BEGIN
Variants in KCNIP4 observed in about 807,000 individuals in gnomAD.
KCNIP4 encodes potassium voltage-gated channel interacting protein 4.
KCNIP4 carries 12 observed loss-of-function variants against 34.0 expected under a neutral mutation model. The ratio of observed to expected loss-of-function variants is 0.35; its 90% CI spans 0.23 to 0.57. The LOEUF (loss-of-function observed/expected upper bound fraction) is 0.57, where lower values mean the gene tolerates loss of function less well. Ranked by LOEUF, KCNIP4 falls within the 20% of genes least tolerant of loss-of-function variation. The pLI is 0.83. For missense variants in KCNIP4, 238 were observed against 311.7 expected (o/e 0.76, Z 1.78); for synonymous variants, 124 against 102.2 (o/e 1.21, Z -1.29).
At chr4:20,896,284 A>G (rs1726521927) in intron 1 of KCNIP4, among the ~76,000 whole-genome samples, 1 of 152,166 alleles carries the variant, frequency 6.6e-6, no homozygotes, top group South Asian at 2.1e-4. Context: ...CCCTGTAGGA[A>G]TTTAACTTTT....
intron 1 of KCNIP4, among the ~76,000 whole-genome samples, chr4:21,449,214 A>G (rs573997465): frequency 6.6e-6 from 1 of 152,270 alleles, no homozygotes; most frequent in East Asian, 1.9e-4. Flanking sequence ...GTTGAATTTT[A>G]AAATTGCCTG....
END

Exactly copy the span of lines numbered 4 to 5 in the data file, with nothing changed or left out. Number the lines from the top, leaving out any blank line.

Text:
At chr4:20,896,284 A>G (rs1726521927) in intron 1 of KCNIP4, among the ~76,000 whole-genome samples, 1 of 152,166 alleles carries the variant, frequency 6.6e-6, no homozygotes, top group South Asian at 2.1e-4. Context: ...CCCTGTAGGA[A>G]TTTAACTTTT....
intron 1 of KCNIP4, among the ~76,000 whole-genome samples, chr4:21,449,214 A>G (rs573997465): frequency 6.6e-6 from 1 of 152,270 alleles, no homozygotes; most frequent in East Asian, 1.9e-4. Flanking sequence ...GTTGAATTTT[A>G]AAATTGCCTG....